At the one rally I attended, the speakers advocated a minimum wage and a “Singaporean first” employment policy, without giving details of the benefits. But what if we have a minimum wage, another country didn’t and could do certain types of work at a cost below our minimum wage? Where would our jobs go in this age of globalisation? These were among the questions not dealt with.

Yet another suggestion was that certain sectors of the economy should be nationalised. This, too, came with no support . I’d imagine that the case for the nationalisation of a sector must be made points about the efficiency, and cost-effectiveness of nationalised sectors. In addition, some evidence must also be given, to show the disadvantages (inefficiency, cost-ineffectiveness) should the sector be in private hands. A bare statement that prices have gone up since privatisation is insufficient, since they may have gone up anyway in nationalised mode.

Suggestions made without adequate support fail to score points (if that was the intention). They fail to convince but, in fact, open the proponent up to attack. My guess is that the Opposition candidates involved would not have been able to answer the questions about minimum wage or substantiate the claim that nationalised was better than private.

Another topic in which the Opposition failed to convince was the Cost of Living. The message was that it had gone up under the PAP. But not only was there no clear proposal on how to keep costs down, but also no clear idea what Cost of Living was and how it was related to Standard of Living. I’m no economist, but there must be a link between the two; and I believe (unless someone corrects me) that the two move up, or down, together.

In a simplistic example, Dr Tan wants to have a better car, so he charges $2 more per patient. He buys the better car and enjoys a higher standard of living. Mr Lim, the hawker, finds medical costs rising, and charges 50 cents more for his plate of noodles. Now he can afford better medical care. But Dr Tan now has to pay a bit more for lunch…

As citizens, both Mr Lim and Dr Tan demand better roads, better community facilities, parks and a clean, green environment. So the government goes out and hires better road designers, puts in more and better-run facilities as well as gets PhD horticulturists. These citizens now enjoy a better standard of living but alas, the experts hired (not necessarily local) to give them this would rather work elsewhere if you didn’t pay them what they could earn (or more) elsewhere. And so costs go up.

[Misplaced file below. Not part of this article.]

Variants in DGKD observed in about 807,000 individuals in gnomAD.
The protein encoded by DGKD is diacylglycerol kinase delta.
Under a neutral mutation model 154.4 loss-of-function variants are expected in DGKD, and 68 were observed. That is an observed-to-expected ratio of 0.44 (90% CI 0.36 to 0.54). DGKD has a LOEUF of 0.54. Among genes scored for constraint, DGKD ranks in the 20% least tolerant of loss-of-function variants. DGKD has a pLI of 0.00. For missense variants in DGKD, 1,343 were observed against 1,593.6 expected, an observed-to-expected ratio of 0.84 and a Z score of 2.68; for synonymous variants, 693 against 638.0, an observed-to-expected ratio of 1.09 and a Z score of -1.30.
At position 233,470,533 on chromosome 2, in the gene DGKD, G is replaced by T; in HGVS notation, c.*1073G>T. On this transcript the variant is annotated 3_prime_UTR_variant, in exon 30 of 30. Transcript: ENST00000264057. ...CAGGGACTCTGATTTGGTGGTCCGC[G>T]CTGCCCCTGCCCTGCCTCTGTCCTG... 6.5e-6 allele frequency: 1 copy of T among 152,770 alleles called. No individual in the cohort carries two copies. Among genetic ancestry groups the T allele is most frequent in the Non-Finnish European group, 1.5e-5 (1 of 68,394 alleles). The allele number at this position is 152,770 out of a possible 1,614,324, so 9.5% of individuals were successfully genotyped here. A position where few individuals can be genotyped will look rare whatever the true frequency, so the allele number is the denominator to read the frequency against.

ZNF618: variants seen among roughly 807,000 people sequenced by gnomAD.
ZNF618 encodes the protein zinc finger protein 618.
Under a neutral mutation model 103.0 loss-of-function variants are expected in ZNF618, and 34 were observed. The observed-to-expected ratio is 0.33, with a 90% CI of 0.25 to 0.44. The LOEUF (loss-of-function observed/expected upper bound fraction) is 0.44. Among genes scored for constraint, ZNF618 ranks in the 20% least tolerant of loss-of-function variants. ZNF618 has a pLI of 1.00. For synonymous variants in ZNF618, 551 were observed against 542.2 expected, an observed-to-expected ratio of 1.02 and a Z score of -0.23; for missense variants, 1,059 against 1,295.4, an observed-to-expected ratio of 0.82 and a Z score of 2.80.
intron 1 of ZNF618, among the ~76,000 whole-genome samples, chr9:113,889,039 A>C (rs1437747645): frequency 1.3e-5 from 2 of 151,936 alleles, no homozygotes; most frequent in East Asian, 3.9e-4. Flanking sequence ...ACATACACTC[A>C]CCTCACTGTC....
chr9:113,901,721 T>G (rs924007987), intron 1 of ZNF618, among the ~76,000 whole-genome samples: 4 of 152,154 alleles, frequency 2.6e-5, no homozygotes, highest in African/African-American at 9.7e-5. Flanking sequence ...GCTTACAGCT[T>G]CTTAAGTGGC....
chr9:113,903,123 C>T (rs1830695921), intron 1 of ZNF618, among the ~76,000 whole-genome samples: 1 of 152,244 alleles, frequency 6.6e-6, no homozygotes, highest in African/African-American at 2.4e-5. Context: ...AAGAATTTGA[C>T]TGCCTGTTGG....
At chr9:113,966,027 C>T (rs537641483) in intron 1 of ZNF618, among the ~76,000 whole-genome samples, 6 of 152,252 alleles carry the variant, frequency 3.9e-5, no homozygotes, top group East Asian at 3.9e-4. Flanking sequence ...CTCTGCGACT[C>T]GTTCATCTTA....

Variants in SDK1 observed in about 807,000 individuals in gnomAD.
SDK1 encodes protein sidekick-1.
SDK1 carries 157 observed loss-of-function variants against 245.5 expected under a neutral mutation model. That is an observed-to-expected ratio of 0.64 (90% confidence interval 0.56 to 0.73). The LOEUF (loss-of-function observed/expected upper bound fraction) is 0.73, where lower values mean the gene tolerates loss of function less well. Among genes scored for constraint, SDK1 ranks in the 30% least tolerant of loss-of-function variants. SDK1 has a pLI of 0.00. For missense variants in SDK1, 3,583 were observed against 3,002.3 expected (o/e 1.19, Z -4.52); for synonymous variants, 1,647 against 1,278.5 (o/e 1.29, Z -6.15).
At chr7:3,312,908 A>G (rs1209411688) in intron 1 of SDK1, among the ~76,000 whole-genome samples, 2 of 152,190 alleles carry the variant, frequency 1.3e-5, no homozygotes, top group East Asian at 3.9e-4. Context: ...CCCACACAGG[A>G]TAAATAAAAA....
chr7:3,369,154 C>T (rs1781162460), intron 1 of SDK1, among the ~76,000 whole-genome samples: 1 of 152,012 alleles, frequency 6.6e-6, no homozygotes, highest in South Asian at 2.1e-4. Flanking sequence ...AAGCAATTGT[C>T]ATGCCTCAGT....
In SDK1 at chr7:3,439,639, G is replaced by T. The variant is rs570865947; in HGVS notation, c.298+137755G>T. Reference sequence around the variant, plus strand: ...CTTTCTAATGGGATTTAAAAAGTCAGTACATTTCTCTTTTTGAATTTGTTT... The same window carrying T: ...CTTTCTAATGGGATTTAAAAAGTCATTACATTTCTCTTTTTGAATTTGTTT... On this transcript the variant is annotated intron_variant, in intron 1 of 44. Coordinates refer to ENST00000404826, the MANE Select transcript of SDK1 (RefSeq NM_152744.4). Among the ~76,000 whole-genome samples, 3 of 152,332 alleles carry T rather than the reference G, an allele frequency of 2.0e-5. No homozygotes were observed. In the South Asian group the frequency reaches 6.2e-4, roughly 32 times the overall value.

So what was the Opposition complaining about, and what was it offering? A Swiss Standard of Living with a Third-World Cost of Living? How is this going to be achieved? These were never explained.

Raising efficiency and productivity is one way to keep costs in check while affording a higher standard of living. If Dr Tan found a way to see more patients without compromising quality – perhaps if he had a computer database so that he could spend 1 minute rather than 10 retrieving records – he would be able to see more patients, and earn more, without raising charges. And get that car. But if those complaining about a high Cost of Living knew this, they did not show that they did.

My observation, given cases like these, was that the Opposition was weak when it came to matters where a good grasp of economics was required. It would do well to familiarise itself with the economics behind the ideas that it floats, and show that it understands them well. For, apart from the dire consequences of getting the economics of a proposed programme wrong (jobs, livelihoods) one reason is that should they come into power, they would have to deliver on election promises.

Many years ago, I was abroad where a national election was about to take place and I asked a business leader what the difference would be between the two main political parties, once one of them was in power. He said that whatever they said during the campaign, they would face the same issues once they took office. Issues such as creating jobs, international competition and the demand for higher standards of living together with lower costs. There was a narrow choice of viable options open to them to deal with these issues, given economic realities. In short, very little difference.

So if the Opposition wants to propose alternatives to the PAP’s economic programmes, it should study such alternatives carefully and offer only the ones that have a solid foundation and which they can explain clearly.

GRCs were introduced several years ago with the stated reason that they would allow for the representation of minority races (I disagree with the way both words are used commonly in Singapore, but they are handy here). The size of the GRCs then grew with subsequent GEs, and a couple of Opposition-friendly Constituencies were absorbed into GRCs. The Opposition complained that GRCs made it tough for it and the PAP said it was not its duty to make it easy for the Opposition.

In GE 2006, the complaints from the Opposition about GRCs continued. The Worker’s Party, in its manifesto, called for their abolition. The Opposition also held that it was not true any more that people were voting along racial lines.

It is quite clear that a big GRC – one comprising 7 or 6 candidates, surely, and the one comprising 5 or 4 candidates, maybe – does in fact place a hurdle in front of the Opposition, which has found it hard, especially in the past, to put up teams. Big GRCs which deny the Opposition a chance to field candidates will also, by this fact, disenfranchise citizens by denying conditions in which they have a choice.

But do smaller GRCs have a role in Singapore in ensuring minority representation? I believe this question was not considered carefully enough by those calling for their abolition. The question here is whether people are still voting along racial lines. It is a factual question, for which there is no answer in the form of hard published data. However, there is enough evidence that race does matter, to some extent.